[ G.R. No. 11585, March 29, 1916 ]
PABLO PERLAS, PETITIONER, VS. PEDRO CONCEPCION, JUDGE OF FIRST INSTANCE OF LAGUNA, RESPONDENT.
D E C I S I O N
The petitioner here was the defendant in a criminal action brought for the purpose of punishing him under Act No. 2152. The information charged as follows:
"That the said Pablo Perlas and Ambrosio Paz, on or about the 27th day of March, i915, in the barrio of Balibago, municipality of Santa Rosa, Province of Laguna, P. I., did willfully and unlawfully obstruct, destroy and otherwise injure the irrigation system in the said barrio, municipality and province, and did divert from its course the water belonging to the Government of the Philippine Islands and devoted to irrigation purposes of the Santa Rosa Estate, to the detriment of the persons entitled to the use thereof, all in open violation of sections 45 and 46 in connection with section 47 of Act No. 2152."
The court convicted the accused after due trial and sentenced him to pay a fine of
P25 and to pay the costs, A rehearing was asked for by the prosecuting attorney and the justice's court changed the sentence to P25 fine and the payment of
one-half the costs and subsidiary imprisonment in case of nonpayment of the fine. The sentence as modified also required the accused, within fifteen days from the date of the sentence, to open the canal which he had closed and to put it in the same condition it was in before the
unlawful acts were committed. The accused appealed to the Court of First Instance where he was again tried and convicted and sentenced to pay a fine of P130, to suffer subsidiary imprisonment in accordance with Act No. 1732, and, unless he should, at his
own expense, open the canal and replace it in the condition in which it was prior to the acts complained of, he should pay the Government P150 and, in case of nonpayment of said sum, he should suffer subsidiary imprisonment as provided by Act No. 1732.
The petitioner claims that the judgment of conviction was illegal and void for several reasons. In the first place, he asserts, the court found that the canal in question existed when as a matter of fact the evidence shows that it did not exist. In the second place, the court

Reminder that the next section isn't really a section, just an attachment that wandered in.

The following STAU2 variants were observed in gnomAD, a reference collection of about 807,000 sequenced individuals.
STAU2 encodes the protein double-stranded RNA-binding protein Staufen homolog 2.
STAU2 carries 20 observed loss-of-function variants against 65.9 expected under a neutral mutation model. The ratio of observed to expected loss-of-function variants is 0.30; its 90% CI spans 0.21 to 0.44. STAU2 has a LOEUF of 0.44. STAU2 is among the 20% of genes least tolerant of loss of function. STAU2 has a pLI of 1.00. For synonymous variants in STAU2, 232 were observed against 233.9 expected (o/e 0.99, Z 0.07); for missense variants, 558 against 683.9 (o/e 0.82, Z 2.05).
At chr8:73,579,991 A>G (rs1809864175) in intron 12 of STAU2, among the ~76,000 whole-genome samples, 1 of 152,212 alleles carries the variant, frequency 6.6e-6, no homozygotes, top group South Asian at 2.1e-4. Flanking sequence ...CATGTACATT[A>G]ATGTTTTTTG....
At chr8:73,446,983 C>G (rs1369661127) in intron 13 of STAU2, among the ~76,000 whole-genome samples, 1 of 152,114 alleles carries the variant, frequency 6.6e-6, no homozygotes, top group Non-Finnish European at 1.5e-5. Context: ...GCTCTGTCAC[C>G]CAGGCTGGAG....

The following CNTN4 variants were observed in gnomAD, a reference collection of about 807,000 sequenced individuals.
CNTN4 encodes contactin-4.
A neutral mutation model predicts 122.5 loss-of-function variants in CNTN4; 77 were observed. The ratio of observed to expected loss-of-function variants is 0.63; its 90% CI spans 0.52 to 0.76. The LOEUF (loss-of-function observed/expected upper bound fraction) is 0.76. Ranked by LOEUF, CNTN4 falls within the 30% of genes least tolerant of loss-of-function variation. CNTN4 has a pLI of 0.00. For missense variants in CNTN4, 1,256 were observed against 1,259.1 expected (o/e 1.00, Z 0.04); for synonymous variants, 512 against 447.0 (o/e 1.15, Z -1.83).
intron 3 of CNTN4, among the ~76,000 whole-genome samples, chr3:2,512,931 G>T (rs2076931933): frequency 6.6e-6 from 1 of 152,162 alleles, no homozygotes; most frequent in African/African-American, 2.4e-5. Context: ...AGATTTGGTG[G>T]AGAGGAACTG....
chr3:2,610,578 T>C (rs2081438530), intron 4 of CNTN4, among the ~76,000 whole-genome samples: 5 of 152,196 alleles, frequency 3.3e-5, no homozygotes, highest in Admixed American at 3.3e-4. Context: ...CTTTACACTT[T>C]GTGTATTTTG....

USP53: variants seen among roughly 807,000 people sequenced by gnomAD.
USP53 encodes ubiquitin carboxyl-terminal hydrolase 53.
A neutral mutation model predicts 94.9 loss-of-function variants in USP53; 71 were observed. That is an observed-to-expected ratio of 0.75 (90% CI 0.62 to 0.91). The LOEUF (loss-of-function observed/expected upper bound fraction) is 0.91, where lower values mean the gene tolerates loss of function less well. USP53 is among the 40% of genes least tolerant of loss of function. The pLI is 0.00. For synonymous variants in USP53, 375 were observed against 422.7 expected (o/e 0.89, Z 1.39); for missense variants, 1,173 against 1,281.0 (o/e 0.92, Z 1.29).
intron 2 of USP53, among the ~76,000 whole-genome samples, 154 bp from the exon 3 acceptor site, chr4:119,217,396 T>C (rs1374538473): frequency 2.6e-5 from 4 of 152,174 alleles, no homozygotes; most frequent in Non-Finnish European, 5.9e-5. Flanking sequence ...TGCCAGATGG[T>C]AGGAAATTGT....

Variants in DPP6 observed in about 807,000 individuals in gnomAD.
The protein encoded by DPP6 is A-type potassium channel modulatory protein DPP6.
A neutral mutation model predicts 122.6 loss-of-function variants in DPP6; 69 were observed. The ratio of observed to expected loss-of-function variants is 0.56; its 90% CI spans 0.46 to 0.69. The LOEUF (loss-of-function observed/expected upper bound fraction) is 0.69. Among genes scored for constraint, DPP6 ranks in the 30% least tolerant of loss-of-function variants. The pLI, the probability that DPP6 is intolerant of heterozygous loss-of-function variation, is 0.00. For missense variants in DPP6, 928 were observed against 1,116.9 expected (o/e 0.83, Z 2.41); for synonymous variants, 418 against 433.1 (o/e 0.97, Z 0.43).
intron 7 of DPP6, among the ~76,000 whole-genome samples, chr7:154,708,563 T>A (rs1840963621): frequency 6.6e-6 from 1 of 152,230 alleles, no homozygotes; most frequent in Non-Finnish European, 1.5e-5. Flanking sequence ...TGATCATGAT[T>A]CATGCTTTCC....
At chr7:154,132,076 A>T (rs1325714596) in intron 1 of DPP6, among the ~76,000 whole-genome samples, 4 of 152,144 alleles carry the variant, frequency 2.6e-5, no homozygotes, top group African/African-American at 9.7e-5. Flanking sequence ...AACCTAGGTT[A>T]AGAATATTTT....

found that the canal in question belonged to the Government of the Philippine Islands, when, as a matter of fact, it did not. In the third place, the court erred in condemning the accused to pay to the Government
P150 as an indemnity for his acts in closing the
None of these objections, with the exception of the last, even if well founded, are sufficient to support a petition for a writ of certiorari. They all relate to the appreciation by the trial court of the evidence in the case and have nothing to do with the jurisdiction of the court or its authority to pronounce a judgment of conviction in the case. Certiorari will not issue to a Court of First Instance in a proceeding of this character unless it appears that the court acted without or in excess of its jurisdiction. The determination of a question of fact on the trial of a criminal case does not affect the jurisdiction of the court even though the court errs in the finding. (Government of the Philippine Islands vs. Judge of First Instance of Iloilo and Bantillo, page 157, ante; Napa vs. Weissenhagen, 29 Phil. Rep., 180; De Fiesta vs. Llorente and Manila Railroad Co.. 25 Phil. Rep., 554.) For these reasons the court refuses to issue the writ on these grounds.
There is one ground, however, on which the writ will issue to the extent of correcting the judgment of conviction. As we have seen, the trial court in its sentence required the accused to pay to the Government
P150 damages unless he opened the canal and put
it in the condition in which it was before. The court had the right to require the accused to indemnify the Government for a damage caused (U. S. vs. Velasquez, 32 Phil. Rep., 157); and to that extent the judgment was correct. But this court has held that a sentence
in a criminal action should not be in the alternative and that the accused, as part of the criminal punishment, cannot be made to perform an affirmative act of the character required by the sentence in this case. (Carroll and Ballesteros vs. Paredes, 17 Phil. Rep., 94.)
That portion of the sentence requiring the accused to open the canal is void.
It is the doctrine of this court that certiorari and not habeas corpus is the proper remedy in criminal cases which present questions of this character, the accused not being: imprisoned.
The sentence of the Court of First Instance in the case of United States vs. Pablo Perlas is modified by striking therefrom the words "unless the accused at his own expense open the canal so closed by the accused and replace it in the condition in which it was." In all other respects the petition for a writ of certiorari is denied. So ordered.
Araullo, J., concurs.
Torres, J., concurs in all but in the penultimate paragraph.
Johnson and Trent, JJ., concur in the result.